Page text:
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Bringing Down The House
Jesse Houseman's got the definitive bad-ass Mustang for the street.
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A few years back, while I was frequenting a local watering hole, one of the regular "old timers" who used to hang around the local street scene back in the '60s looked at my Mustang, turned to me and laughed in my face. I already knew what I was in for. To him, my friends and I were the young punks who didn't know anything about real performance, or so he thought, and I did not deserve to drive anything more than a Festiva.
He started with a sarcastic and all-knowing attitude and asked about my little tires in back. I explained to him that almost a decade ago, there was this invention called drag radials that work just as well as slicks in most cases. "Malarkey," he said with a cackle. He then inquired about my cam, and I gently replied with the very mild specs associated with the E303. Our Bow Tie-wearing primate then offered another guffaw, citing that the "puny" specs of the cam were not manly. He quickly replied with the dimensions of his "stick" which checks in at a lunar-eclipse-long 272 degrees at .050 with a pushrod-bending, valve-spring-bustin' .720 lift. He said it was very streetable, despite the 13:1 compression. Hardly, I thought to myself.
He then went on to say that "real musclecars have real engines." Hmmm, that's rather strange because the last I checked, my 302 still burned gasoline and had eight spark plugs in it. In the end, the argument went nowhere, and I realized that my 11-second Mustang was not going to win him over on modern performance. I figured that while he was changing lifters every 800 miles and fiddling with carb jetting, I would turn up the air conditioning and just drive off in a car that was just as fast as his and was a lot less temperamental.
So then, what is a real street car? It obviously means different things to different people, but in reality, all it needs is a pair of headlights and some working directionals. Although you could have a solid-tappet cam and an 8-inch converter on the street, we in the Mustang world want it to go fast and to go fast regularly. And if it looks bad-ass, well then, we've got a total package don't we? Kind of what Jesse Houseman's LX is like. It was assembled with blood, sweat and, of course, brains.
Houseman isn't a man of many words. He'd rather let you look at his '88 LX and allow you to make your own opinion. We're not sure what those "other guys" are thinking, but to us, it's the perfect street car. Why? Well, it's an "earlier late-model" Mustang, so it's mean looking and it has a power adder. It's pristine and incorporates some pretty neat touches, as well. It even has the right stance and looks the part of a tough, no-nonsense Mustang LX. Heck, we can't think of any more reasons why we wouldn't want his car for a daily driver, or a weekend car.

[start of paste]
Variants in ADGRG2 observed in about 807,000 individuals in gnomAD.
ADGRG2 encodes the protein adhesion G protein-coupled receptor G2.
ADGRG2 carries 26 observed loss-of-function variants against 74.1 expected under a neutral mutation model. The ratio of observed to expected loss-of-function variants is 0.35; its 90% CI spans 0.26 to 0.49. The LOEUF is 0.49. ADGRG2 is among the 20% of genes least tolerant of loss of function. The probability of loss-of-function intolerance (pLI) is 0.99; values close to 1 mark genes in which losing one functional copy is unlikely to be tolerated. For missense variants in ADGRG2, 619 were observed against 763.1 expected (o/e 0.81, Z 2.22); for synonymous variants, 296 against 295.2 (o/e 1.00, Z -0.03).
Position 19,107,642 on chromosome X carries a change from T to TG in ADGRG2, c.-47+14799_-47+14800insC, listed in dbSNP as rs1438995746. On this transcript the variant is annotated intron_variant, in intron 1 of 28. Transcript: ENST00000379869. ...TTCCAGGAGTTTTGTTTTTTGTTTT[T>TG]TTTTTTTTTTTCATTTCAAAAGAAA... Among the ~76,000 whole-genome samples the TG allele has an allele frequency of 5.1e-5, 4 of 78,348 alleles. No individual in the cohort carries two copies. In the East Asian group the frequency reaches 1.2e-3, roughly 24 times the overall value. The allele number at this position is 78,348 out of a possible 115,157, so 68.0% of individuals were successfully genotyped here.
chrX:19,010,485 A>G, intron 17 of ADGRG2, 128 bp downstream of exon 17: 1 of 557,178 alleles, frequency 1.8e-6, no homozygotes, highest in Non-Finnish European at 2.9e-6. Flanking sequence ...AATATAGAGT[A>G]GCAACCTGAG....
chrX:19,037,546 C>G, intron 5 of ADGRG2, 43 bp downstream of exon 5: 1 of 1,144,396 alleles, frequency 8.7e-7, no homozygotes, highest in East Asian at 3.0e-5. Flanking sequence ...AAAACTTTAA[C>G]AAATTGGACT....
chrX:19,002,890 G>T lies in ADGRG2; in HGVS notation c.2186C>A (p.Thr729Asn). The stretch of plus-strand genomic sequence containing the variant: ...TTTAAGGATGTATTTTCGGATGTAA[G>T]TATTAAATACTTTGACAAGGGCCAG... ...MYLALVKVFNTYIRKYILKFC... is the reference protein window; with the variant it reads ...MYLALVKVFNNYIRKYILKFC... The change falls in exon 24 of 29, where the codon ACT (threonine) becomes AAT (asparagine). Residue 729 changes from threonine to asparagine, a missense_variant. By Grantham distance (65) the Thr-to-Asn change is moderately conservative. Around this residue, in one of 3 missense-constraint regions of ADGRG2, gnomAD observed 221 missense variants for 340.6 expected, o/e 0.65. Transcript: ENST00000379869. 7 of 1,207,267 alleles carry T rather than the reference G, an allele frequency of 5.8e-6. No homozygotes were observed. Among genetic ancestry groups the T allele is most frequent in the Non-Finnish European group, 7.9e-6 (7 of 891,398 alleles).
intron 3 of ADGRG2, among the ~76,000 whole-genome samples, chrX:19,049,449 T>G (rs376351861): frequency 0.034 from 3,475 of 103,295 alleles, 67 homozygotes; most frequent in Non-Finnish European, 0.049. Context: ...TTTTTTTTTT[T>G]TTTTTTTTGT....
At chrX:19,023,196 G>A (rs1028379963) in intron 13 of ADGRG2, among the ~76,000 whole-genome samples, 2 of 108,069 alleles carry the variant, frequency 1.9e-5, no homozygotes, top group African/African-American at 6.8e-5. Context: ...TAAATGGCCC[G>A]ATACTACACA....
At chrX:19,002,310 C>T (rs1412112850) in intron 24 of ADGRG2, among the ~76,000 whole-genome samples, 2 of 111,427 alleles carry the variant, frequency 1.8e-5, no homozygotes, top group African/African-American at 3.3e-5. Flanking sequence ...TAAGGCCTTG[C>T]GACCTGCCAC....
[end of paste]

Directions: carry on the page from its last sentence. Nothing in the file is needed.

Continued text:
At just 21 years of age, Mr. Houseman has found himself a nice job as a service technician over at Carl Beasley Ford in York, Pennsylvania. With plenty of resources at his disposal, it was a no-brainer for the enthusiastic blue-blooded fanatic to go nuts on his car. As he mentioned, "It originally was a four-cylinder when I bought it in 2000 and I drove it for two years as such. I then took it off the road, and started the transformation into a street car."
At this point, there was no turning back. The 2.3-liter lump that used to make highway passing downright scary was given the boot, as was the spindly 7.5 rear.
The next step was to strip the hatchback of its original paint, and have it nicely redone with three coats of Performance Red by PPG Deltron and six coats of clear on top. The engine room was powdercoated as well, and all the holes were filled for a clean look. No detail was spared as all the wiring was rerouted into the wheelwells. For added effect, he deleted the letters "MU" from the front bumper and revamped it to read, simply, "STANG."
For the mill, Jesse wanted to make sure that it would meet several requirements. It had to make reliable horsepower, and be tractable. He also didn't want to perform regular maintenance every weekend, and no way would he ever suck the fumes of any F-body on the street. To ensure all of these requirements were met, a 1969-vintage 351, assembled by Jesse himself, was stroked to 377 inches. Although he's good with a rotating assembly, Jesse decided to trust Dennis over at Air Flow Development in Dover, Pennsylvania, to port and polish the AFR 185 heads. Once mounted on the big Windsor base, Jesse and his pals broke out the cherry picker and lowered the fresh long-block into the Mustang's engine bay.
Now, most would have left well enough alone, but Mr. Houseman then took it one step further with an F1 by ATI. Pulleyed for 10 pounds of boost, the head of dense charge air relies on the ACCEL DFI (tuned by Dennis Wheet) to make sure the 50-pounders squirt into the GT-40 lower when asked. And yes, it's programmed for docile manners around town and no-holds-barred performance when the right foot says "GO!"
Some may call this a showcar. Others call it a wannabe car, as it looks too good to be fast. But to us, this is what a street car should be. Immaculately finished from head to toe, great-looking and strong enough to run like a raped ape.
But I ask, where the heck were you on that night I needed to win my argument?